Therefore, to measure the illuminance for a lighting installation containing LED products a calibrated type F illuminance meter is adequate.
It should be remembered that the calibration of an illuminance meter is time limited and the  manufacturer’s instructions or calibration certificate should indicate the valid calibration period. After this period has elapsed, the illuminance meter will need re-calibrating to maintain accuracy.
Note that when a meter is calibrated it is both the meter and photometer head (photocell) that are calibrated. Therefore, any calibration is only valid using the correct photometer head and use of a different photocell can result in significant errors. In addition the V(λ) response of the photometer head should be checked as part of the calibration as any deviation of the photometer V(λ) response from the eye response can result in a measurement error, especially in sources rich in red or blue spectral content.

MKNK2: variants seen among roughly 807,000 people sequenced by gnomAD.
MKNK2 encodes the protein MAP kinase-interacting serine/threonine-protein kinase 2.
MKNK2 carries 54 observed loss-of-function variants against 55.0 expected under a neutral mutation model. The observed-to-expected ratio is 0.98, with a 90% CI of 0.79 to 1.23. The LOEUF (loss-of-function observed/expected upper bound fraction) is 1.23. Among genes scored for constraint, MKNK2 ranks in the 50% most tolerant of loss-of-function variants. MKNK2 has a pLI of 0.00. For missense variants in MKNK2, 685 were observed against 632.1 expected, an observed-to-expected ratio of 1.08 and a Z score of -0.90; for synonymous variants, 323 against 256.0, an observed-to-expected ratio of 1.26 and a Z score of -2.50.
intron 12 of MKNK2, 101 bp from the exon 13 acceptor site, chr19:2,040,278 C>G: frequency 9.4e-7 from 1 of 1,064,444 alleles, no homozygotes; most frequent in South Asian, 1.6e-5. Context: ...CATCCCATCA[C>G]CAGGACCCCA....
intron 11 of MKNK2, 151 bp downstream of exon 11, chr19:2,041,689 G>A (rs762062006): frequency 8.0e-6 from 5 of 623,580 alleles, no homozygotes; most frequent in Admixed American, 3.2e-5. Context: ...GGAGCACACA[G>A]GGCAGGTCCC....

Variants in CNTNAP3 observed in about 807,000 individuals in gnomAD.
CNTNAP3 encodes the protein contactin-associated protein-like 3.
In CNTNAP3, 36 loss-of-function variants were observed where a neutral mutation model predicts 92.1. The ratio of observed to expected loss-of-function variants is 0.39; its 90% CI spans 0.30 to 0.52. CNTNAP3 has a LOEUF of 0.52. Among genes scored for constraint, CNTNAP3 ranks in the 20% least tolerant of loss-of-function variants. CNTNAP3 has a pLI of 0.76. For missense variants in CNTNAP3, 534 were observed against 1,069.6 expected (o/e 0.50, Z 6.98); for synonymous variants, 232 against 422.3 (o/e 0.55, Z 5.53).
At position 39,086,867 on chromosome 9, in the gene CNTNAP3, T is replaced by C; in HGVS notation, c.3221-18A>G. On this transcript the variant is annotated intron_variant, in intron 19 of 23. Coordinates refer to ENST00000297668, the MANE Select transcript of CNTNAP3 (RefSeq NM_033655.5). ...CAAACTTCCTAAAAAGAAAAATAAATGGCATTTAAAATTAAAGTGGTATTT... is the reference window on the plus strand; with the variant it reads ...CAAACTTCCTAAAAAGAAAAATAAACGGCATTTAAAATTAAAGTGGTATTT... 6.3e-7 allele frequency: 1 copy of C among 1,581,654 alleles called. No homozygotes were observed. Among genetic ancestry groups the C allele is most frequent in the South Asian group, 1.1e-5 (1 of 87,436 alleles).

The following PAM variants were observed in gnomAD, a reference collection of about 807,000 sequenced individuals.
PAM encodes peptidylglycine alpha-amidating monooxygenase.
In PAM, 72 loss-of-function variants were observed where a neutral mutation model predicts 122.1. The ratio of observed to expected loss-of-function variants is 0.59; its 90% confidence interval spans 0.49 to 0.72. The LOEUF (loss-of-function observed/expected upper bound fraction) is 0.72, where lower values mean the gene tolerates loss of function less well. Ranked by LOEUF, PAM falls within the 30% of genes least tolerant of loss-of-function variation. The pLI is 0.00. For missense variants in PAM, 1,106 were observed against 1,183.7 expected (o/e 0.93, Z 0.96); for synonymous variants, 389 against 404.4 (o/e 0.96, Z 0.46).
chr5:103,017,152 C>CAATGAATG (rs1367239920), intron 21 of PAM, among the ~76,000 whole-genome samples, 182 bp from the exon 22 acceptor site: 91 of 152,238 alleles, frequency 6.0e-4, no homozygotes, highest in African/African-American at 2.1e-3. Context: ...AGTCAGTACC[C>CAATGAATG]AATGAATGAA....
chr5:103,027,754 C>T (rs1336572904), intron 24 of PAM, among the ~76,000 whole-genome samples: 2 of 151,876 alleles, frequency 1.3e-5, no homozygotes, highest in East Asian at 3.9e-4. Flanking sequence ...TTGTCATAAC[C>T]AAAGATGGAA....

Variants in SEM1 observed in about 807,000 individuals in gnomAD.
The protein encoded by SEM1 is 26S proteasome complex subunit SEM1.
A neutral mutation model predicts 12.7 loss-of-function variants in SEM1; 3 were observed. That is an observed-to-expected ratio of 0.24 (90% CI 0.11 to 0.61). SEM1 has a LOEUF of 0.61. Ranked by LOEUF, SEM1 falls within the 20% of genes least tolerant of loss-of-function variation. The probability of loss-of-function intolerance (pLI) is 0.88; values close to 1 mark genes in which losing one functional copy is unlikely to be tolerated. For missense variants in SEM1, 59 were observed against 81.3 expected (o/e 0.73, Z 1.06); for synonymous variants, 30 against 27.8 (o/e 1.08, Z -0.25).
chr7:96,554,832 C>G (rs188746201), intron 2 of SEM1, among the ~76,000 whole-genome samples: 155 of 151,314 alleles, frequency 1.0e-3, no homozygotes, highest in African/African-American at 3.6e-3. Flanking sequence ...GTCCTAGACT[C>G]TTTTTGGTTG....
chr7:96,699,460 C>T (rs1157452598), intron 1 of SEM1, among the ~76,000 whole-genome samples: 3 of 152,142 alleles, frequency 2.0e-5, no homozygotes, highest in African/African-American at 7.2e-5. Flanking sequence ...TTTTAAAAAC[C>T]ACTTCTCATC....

In addition, if a meter experiences particularly rough handling, it may need re-calibrating even though it is still within the manufacturer’s stated calibration period. Therefore, an illuminance meter should be treated as an item of laboratory equipment (which is what it is) according to the manufacturer’s recommendations.

Monday, 2 September 2013

Dimplex makes New Compact Corner Towel Rail

We like the new Dimplex CPTC Compact Corner towel rail  - designed to fit in the corner of a bathroom, ideal for those with limited space. It can be mounted at any height to suit other fittings and adds a touch of luxury to any bathroom.

Finished in stunning chrome, the new electric towel rail both dries and warms towels, it is also an excellent storage solution as towels can be neatly folded and placed in the individual sections.